American Tropics: The Caribbean Roots of Biodiversity Science

American Tropics: The Caribbean Roots of Biodiversity Science

American Tropics: The Caribbean Roots of Biodiversity Science

American Tropics: The Caribbean Roots of Biodiversity Science

Synopsis

Biodiversity has been a key concept in international conservation since the 1980s, yet historians have paid little attention to its origins. Uncovering its roots in tropical fieldwork and the southward expansion of U.S. empire at the turn of the twentieth century, Megan Raby details how ecologists took advantage of growing U.S. landholdings in the circum-Caribbean by establishing permanent field stations for long-term, basic tropical research. From these outposts of U.S. science, a growing community of American "tropical biologists" developed both the key scientific concepts and the values embedded in the modern discourse of biodiversity.



Considering U.S. biological fieldwork from the era of the Spanish-American War through the anticolonial movements of the 1960s and 1970s, this study combines the history of science, environmental history, and the history of U.S.-Caribbean and Latin American relations. In doing so, Raby sheds new light on the origins of contemporary scientific and environmentalist thought and brings to the forefront a surprisingly neglected history of twentieth-century U.S. science and empire.

Excerpt

The problems of human beings in the tropics are primarily biological in origin:
overpopulation, habitat destruction, soil deterioration, malnutrition, disease, and
even, for hundreds of millions, the uncertainty of food and shelter from one day
to the next. These problems can be solved in part by making biological diversity a
source of economic wealth.

—Edward O. Wilson, 1988

In September 1986, sixty scientists and policy makers convened for the “National Forum on BioDiversity” in Washington, dc. the conference, organized under the auspices of the Smithsonian Institution and the National Academies of Science, included some of the biggest names in the U.S. science and conservation communities, Edward O. Wilson, Thomas Lovejoy, Paul Ehrlich, Peter Raven, Stephen Jay Gould, and Michael Soulé among them. Although it was a U.S. “national” forum, its ambitions were decidedly global. As each speaker came to the podium, a picture of a worldwide extinction crisis emerged. Together, they made a forceful, and very public, case for the need for more scientific research in support of conservation around the globe. Species were being lost, they warned, before they could even be discovered.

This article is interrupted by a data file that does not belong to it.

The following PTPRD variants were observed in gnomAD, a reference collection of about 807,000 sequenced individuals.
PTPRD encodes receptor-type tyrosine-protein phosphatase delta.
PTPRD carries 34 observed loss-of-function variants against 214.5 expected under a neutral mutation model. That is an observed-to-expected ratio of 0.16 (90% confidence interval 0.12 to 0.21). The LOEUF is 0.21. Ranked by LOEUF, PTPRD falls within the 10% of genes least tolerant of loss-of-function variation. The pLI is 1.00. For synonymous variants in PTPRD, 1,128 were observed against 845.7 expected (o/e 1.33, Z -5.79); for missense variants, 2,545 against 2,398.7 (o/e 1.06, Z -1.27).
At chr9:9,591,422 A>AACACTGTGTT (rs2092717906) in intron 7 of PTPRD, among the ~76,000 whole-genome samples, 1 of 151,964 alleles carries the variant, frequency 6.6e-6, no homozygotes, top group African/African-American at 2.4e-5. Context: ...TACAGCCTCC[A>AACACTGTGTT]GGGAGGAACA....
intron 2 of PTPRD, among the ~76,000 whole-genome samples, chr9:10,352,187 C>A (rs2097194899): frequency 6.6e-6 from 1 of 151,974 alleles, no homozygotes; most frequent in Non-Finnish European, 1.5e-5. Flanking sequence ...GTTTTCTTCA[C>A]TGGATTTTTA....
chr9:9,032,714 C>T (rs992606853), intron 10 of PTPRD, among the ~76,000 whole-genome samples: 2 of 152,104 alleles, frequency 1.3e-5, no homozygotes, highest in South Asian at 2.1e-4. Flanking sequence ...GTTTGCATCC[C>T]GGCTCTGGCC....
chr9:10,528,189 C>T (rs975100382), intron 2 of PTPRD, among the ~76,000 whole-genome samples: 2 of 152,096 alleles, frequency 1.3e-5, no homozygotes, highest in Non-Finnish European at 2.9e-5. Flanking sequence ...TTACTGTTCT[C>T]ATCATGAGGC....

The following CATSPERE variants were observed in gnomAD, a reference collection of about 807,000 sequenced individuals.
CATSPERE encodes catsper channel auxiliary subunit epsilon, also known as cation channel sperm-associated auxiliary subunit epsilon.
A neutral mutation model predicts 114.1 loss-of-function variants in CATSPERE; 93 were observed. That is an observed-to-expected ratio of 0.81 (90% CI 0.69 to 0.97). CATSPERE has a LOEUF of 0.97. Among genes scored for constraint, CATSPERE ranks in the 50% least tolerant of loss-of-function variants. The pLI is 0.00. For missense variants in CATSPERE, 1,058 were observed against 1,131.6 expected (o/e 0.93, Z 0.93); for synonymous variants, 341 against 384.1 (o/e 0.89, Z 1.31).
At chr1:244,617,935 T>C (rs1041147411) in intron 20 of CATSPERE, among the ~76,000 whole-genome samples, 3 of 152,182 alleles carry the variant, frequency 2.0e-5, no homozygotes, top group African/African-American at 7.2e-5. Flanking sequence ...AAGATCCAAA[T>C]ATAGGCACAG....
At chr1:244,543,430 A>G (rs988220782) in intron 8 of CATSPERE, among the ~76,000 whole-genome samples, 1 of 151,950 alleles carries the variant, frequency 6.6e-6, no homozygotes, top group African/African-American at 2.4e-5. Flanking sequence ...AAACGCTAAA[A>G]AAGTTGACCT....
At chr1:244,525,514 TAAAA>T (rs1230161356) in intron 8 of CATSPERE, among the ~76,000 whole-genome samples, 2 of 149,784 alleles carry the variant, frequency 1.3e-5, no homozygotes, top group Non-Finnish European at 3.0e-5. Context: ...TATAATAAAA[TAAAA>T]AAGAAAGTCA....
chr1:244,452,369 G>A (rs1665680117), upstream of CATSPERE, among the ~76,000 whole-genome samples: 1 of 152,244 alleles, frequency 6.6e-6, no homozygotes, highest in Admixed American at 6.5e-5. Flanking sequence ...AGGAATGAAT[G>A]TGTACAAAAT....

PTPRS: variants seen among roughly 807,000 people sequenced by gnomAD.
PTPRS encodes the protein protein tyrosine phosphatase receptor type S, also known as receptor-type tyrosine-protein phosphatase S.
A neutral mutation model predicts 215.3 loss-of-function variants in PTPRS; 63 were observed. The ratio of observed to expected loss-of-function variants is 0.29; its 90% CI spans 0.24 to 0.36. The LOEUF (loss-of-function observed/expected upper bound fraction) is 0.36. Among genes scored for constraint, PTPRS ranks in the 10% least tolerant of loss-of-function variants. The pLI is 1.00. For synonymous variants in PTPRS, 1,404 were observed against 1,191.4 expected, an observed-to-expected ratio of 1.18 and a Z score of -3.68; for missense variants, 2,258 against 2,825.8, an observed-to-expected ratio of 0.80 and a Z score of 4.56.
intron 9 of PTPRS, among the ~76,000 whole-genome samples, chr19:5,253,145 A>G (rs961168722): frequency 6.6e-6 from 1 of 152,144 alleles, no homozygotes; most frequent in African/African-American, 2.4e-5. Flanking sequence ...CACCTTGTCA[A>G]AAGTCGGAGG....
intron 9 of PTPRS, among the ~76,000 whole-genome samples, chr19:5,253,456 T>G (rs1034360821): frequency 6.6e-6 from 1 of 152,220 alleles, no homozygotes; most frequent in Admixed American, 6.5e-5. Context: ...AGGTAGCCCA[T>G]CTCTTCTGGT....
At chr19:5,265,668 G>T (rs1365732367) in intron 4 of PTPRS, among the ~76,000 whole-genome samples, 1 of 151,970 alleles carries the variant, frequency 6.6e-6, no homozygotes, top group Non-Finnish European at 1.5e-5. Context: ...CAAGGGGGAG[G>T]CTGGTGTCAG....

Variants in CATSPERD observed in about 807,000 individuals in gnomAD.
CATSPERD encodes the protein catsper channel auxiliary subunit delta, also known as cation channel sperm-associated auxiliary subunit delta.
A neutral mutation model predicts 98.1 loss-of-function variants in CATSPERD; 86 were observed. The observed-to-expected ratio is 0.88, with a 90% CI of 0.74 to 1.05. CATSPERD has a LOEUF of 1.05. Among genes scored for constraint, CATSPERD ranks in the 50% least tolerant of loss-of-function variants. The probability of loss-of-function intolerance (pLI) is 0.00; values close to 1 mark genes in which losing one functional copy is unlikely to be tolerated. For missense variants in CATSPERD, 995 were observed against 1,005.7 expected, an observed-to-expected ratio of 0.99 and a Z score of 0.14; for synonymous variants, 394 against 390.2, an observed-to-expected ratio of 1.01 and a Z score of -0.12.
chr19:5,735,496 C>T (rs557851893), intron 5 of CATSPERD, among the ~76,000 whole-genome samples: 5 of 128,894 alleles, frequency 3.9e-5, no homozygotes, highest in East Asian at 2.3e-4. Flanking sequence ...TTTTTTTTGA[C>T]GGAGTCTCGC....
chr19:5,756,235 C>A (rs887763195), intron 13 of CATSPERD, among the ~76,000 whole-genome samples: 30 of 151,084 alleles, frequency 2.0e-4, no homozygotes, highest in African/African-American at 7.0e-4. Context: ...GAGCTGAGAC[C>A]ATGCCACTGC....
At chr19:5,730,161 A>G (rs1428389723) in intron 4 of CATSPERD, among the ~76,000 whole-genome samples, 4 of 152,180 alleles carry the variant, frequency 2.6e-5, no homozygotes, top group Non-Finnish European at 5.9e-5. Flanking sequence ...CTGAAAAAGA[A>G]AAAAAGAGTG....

To articulate their cause, the conference organizers coined the term biodiversity, which quickly became the rallying cry of the emerging field of conservation biology. As the forum was telecast and participants interviewed by news agencies nationwide, it even became a household word. in a narrow sense, biodiversity refers to the number and variety of species in a given area. Although most definitions also include variation within species (genetic diversity) and at the level of ecosystems, the term is often used as a synonym for species diversity—the number and relative abundance of species in an area. As a scientific measure, biodiversity offered an important tool for making conservation priorities. the discourse surrounding the term biodiversity, however, also helped reinforce the global nature of the conservation problem at hand. At stake, conservationists argued, was not just particular wild places or even individual endangered species; the threat was to the diversity of life on Earth itself.

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